Mitt Romney's economic open goal
- 3 August 2012
- From the section US & Canada
Mitt Romney claims the latest job figures are a "hammer blow to the middle classes" and that if he wins in November the economy would come "roaring back". Mr Romney would create 12 million jobs in four years, he pledges.
The markets welcomed those same jobs figures, and the White House is far more prosaic.
Mr Obama has said that there are "too many folks looking for work, and we have more work to do on their behalf".
Alan Krueger, chairman of the council of economic advisers, issued a statement saying "today's employment report provides further evidence that the US economy is continuing to recover from the worst downturn since the Great Depression".
The figures are in fact a mixed bag. Unemployment is up to 8.3% from 8.2% But 163,000 jobs were added, more than expected.
So the familiar political battle for interpretations is sharper than usual.
But it is not hard to stand back. It is pretty clear that the shaky recovery is continuing to move in the right direction, but that unemployment is a stubborn, serious and long-term problem.
A shock from Europe or the Persian Gulf could crush the shell of this recovery's snail-like progress.
When President Obama was elected he never dreamt the economy would be in such a poor state by this time in the election cycle.
It is only in the last few months that his team seems to have understood that he is fighting for his political life against a strong "feel-bad" factor.
President Obama's basic argument is simple. Without his actions, including spending to stimulate and save industries, the economy would have gone down the drain.
The president claims what is needed is more Obama - notably "an extension of middle-class tax cuts" and a Congress that will pass his American Jobs Act, to help public-sector hiring.
It is not my job to judge competing economic policies, but even if he is absolutely right, as a campaigning position it is pretty lame.
"It could have been worse" is not a great rallying cry.
While blaming Congress may be popular, it is peculiar as an argument for re-election.
If Obama wins he is likely to face an even more intransigent bunch on the Hill.
While Mitt Romney has been winning friends and influencing people on his tour of the near abroad, Mr Obama has been making some alleged gaffes of his own.
The Romney team has focused its recent campaign around Mr Obama's contention that "if you've got a business - you didn't build that. Somebody else made that happen".
Their previous onslaught targeted his remark after the June unemployment figures that "the private sector is doing just fine".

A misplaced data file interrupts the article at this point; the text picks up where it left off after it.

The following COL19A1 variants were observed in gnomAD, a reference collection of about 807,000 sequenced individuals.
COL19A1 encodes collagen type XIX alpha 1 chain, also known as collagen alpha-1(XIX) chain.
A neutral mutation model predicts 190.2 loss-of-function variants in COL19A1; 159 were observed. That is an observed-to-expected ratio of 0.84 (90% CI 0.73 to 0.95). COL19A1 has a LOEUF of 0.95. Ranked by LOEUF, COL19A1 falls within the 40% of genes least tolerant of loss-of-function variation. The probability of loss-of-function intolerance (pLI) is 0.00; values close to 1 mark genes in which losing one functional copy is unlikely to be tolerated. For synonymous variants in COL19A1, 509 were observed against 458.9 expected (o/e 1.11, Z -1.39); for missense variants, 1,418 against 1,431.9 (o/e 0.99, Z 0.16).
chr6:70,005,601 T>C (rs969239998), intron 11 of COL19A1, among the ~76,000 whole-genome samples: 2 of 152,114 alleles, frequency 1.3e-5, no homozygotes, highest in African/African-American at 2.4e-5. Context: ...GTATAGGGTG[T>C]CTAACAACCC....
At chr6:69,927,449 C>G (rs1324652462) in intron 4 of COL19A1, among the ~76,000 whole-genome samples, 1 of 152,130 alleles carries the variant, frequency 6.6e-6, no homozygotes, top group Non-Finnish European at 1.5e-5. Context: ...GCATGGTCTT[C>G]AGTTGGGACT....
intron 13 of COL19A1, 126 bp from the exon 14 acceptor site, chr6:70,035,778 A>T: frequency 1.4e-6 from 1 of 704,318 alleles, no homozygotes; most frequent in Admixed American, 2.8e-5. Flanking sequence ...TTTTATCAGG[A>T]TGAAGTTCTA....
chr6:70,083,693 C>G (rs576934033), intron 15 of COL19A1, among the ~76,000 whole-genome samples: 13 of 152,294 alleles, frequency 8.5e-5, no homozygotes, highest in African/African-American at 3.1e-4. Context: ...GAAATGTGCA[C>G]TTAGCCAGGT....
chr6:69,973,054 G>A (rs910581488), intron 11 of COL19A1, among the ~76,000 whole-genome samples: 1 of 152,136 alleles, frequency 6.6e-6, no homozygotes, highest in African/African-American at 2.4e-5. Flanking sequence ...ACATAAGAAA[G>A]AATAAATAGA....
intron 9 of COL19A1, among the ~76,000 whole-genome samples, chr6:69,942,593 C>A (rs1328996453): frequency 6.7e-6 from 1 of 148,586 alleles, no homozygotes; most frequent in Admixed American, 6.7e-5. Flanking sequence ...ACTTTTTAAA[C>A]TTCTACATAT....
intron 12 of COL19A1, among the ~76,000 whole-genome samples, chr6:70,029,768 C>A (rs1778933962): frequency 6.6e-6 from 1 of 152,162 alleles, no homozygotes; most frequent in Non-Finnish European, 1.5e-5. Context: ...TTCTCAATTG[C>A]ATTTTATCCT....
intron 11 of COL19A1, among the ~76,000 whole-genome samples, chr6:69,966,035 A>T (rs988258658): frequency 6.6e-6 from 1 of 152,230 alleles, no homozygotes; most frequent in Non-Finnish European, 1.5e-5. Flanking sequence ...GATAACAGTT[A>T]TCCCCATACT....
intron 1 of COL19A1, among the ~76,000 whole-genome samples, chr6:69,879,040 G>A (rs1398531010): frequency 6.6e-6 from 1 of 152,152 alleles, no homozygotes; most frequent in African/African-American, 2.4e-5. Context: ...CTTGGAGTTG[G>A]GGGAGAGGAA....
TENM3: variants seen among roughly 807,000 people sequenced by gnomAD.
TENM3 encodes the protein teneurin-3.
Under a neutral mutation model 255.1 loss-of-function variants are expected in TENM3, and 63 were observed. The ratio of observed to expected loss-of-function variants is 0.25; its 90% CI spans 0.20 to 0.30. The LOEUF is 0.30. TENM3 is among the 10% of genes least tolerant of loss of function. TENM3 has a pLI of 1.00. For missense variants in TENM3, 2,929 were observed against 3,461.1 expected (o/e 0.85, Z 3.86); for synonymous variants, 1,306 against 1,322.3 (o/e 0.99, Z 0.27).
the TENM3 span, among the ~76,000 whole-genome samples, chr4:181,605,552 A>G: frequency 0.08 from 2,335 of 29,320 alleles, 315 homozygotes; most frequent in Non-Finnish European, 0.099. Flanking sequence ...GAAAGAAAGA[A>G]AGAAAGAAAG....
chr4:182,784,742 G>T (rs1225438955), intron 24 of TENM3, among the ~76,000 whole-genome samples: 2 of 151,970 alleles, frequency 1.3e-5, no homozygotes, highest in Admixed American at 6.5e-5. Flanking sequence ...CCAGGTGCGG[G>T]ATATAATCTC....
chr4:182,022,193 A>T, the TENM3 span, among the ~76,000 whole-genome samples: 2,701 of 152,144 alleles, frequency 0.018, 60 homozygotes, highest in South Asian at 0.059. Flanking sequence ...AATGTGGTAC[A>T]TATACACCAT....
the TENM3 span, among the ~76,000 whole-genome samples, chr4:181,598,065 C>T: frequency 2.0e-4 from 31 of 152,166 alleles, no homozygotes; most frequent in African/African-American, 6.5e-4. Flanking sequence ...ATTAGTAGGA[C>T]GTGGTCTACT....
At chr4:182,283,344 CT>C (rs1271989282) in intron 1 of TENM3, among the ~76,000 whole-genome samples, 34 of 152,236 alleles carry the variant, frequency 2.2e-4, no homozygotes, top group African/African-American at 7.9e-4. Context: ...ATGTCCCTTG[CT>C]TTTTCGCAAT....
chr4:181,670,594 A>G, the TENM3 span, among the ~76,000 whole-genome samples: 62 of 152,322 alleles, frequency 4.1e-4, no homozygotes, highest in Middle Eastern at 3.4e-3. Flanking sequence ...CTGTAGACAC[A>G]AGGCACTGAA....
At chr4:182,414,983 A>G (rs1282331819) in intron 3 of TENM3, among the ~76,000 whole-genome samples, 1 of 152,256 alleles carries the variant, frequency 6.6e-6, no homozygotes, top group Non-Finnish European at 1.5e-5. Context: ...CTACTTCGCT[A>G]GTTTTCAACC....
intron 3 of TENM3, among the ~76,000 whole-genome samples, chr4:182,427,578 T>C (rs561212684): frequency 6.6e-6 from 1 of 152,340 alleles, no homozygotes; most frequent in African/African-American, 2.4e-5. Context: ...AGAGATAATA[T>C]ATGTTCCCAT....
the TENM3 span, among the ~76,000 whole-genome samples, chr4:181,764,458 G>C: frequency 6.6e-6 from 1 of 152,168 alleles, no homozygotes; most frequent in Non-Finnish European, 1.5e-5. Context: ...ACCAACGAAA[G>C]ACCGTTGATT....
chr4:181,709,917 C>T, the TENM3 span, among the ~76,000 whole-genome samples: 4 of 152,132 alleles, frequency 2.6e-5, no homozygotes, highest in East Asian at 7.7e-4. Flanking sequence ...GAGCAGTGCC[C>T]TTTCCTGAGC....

The often-quoted remark, that a gaffe is when a politician tells the truth, is nearly right.
In these cases it is when the president reveals his underlying contempt for his opponents.
Mr Obama's point was that even entrepreneurs rely on the government many Republicans so despise: they are educated using taxpayers' money, travel to work on federally funded roads and so on.
His remark about the private sector is an unwise dig at the demand for deeper cuts in government spending - in June and July unemployment figures are higher because the government is shedding workers - 9,000 in the latest figures.
Both comments suggest Mr Obama's irritation with his opponents' strident anti-government message.
The lurid characterisation of his politics by some of them (my inbox this morning contained a warning of his "Marxist agenda") obscures the fact that he probably is to the left of most America voters.
He does, in a rather centrist European social democratic way, believe in government as an enabler. Many Americans instinctively don't.
So with a weak economy as a background, Mitt Romney should be aiming at an open goal.
There are questions about his policies. And as the British government has found out, even if tax cutting, spending cutting, red-tape scrapping is the right way ahead, it takes a painfully long time to work.
Mr Obama's charge is that these are the very policies that led America into the current mess.
Opinion polls show them level pegging, but in the really important swing states Mr Obama is ahead.
I've long said that this election will be about two very different visions of America. I still think I am right. But character may be just as critical.
Many polls suggest a majority don't like Mr Obama's handling of the economy and think Mr Romney would be better on the issue, but give the president higher scores when it comes down to what they call "likeability".
This election really is wide open.
America may feel let down by Mr Obama. It has yet to be convinced by Mr Romney.